After the Fitzgerald sank the City of River Rouge began holding an annual memorial ceremony for the victims on November 10.

“The people who worked on it would come to the event and talk about what they did on the ship or talk about what went on when they were building the ship,” Swekel says, adding that at 7:10 p.m., the exact time the ship supposedly sank, a tug boat would take people out to throw a wreath in the river, and for the 29 men who died someone would carry a lantern for each, their names were read out loud, and a bell was rung in their honor.

The museum would provide food afterwards. “It was a nice event,” Swekel says, “but it was getting expensive to put it on so we stopped having it.” 

Events like this have become increasingly hard to sustain in recent years. The population of River Rouge has been in a continual decline since the 1950s. Many historic buildings were torn down as the area became more industrial and turned over to rental properties.

“It’s not a big town,” says Cooksey. “After [World War II] people were looking for places to rent so they divided up some houses.”

A rare photo of downtown River Rouge in 1922, courtesy of the River Rouge Historical Museum.

Driving around River Rouge will reveal that most of the houses are built before the 1920s.

“As far as [pristine] historical buildings go, there aren’t that many. We’ve lost a lot of homes due to foreclosures,” says Swekel. “We do have a few historic plaques on homes. You can get a plaque on your house if it was built before 1920.”

Presently, River Rouge is trying to recover from the recent idling of the U.S. Steel Corporation and the closing of Detroit Edison. The steel corporation wind-down resulted in the loss of 1,500 jobs in 2020. When the tax base suffers, the city suffers at every level, especially public services and educational facilities like nature centers and museums. But despite this, according to Swekel, the museum remains secure. The Economic Development Corporation of River Rouge owns the building and is helping maintain it.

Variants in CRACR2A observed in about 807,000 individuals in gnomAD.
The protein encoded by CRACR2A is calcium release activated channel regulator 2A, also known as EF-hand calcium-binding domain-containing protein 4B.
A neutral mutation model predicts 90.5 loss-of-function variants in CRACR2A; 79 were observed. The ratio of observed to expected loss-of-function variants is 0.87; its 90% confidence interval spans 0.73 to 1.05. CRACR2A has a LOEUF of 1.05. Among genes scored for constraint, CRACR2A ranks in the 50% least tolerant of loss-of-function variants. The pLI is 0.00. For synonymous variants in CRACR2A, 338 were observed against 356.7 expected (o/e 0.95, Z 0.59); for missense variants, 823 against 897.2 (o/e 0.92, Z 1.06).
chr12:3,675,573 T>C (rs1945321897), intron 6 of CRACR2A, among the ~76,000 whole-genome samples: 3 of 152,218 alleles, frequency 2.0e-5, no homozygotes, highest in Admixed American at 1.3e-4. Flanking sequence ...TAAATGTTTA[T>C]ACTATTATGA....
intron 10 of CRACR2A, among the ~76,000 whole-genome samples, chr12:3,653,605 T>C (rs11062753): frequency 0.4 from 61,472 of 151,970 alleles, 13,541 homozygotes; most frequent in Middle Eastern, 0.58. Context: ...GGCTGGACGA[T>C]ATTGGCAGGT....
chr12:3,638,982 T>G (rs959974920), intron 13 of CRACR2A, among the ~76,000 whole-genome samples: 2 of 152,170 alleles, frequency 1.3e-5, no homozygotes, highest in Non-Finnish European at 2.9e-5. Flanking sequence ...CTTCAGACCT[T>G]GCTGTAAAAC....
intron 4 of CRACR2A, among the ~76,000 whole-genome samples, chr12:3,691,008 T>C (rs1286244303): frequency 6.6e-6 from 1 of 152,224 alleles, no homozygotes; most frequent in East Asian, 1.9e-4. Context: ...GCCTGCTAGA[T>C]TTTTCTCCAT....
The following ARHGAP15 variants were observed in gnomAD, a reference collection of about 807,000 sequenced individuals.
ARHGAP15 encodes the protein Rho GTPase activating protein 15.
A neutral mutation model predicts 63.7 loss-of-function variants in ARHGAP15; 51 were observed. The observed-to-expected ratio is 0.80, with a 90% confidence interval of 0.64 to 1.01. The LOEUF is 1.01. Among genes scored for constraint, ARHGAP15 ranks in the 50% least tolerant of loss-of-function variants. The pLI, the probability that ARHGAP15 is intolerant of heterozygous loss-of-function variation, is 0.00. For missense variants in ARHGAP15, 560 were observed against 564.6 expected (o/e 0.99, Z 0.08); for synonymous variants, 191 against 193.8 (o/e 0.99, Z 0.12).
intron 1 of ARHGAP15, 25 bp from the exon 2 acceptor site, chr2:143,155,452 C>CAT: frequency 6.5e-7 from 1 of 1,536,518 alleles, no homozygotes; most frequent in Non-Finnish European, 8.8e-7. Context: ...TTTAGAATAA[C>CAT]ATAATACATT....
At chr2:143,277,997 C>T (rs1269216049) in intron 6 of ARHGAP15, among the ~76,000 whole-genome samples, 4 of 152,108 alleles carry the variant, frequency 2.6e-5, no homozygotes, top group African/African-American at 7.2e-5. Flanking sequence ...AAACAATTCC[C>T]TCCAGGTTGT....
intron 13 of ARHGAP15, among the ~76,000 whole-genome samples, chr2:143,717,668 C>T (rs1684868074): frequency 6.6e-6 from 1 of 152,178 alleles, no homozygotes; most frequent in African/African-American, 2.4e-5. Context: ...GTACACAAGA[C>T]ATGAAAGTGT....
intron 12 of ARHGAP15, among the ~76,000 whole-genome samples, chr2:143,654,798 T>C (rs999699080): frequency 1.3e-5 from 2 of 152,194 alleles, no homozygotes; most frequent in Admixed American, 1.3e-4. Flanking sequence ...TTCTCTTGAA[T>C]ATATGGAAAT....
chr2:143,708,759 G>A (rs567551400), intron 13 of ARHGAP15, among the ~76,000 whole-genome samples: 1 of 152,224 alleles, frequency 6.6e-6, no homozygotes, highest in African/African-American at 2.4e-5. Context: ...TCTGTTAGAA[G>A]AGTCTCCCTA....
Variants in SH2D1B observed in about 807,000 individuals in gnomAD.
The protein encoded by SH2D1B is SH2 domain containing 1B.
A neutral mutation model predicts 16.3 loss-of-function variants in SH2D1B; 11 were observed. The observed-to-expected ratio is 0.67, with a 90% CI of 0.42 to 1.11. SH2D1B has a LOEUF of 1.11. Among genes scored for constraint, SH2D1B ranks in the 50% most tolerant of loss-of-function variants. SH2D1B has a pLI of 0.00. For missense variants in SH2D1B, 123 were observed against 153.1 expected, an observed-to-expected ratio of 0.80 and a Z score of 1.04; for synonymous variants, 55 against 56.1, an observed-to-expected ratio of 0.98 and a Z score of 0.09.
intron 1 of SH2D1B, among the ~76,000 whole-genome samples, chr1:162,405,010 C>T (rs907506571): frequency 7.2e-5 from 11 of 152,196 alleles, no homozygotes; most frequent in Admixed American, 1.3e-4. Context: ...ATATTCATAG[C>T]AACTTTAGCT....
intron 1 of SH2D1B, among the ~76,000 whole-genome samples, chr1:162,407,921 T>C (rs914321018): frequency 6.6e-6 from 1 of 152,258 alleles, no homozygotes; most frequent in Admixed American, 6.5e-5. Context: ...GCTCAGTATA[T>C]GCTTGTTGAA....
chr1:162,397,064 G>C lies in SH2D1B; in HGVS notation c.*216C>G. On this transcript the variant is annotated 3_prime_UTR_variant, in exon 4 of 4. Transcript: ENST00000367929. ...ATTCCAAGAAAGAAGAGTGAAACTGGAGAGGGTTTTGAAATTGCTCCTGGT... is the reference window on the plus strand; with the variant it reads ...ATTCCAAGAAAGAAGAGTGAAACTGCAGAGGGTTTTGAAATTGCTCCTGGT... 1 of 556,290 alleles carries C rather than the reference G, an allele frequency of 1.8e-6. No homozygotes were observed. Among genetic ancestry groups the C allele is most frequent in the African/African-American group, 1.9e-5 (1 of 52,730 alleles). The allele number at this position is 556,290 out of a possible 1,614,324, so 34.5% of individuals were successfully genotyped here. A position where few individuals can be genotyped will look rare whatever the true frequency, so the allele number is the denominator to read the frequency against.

“The museum keeps its own accounts and we’re not charged for maintenance,” says Swekel. “People make a lot of donations. We’ve never not managed.”

Swekel still lives in River Rouge, and has for 81 years. “I was born in the Rouge. When someone says they’re from the “Rouge”, because they don’t say River Rouge, there’s a trust there," she says. "A lot of people have passed on that were really involved [in the museum]. The history is there and when you get inside the museum with other people who grew up here the memories just flow, it’s just a natural, community thing."

“It was a great place to grow up, it’s in my heart. [The museum] is here to receive the people who want to visit River Rouge again.”

Currently, the River Rouge historical museum is open on the first Sunday of each month.

“It is surviving,” Swekel says, “like the city itself.” 

Read more articles by Brianne Turczynski.

Brianne Turczynski holds an MA in education from Oakland University with a concentration in History and English. Her work has been published in the poetry anthology, Sixty-Four Best Poets of 2018 (Black Mountain Press), The 3288 Review, Michigan Out-of-Doors Magazine, and others. Her book, Detroit's Lost Poletown: The Little Neighborhood that Touched a Nation was released with the History Press in 2021. Follow her at @booksandloststories.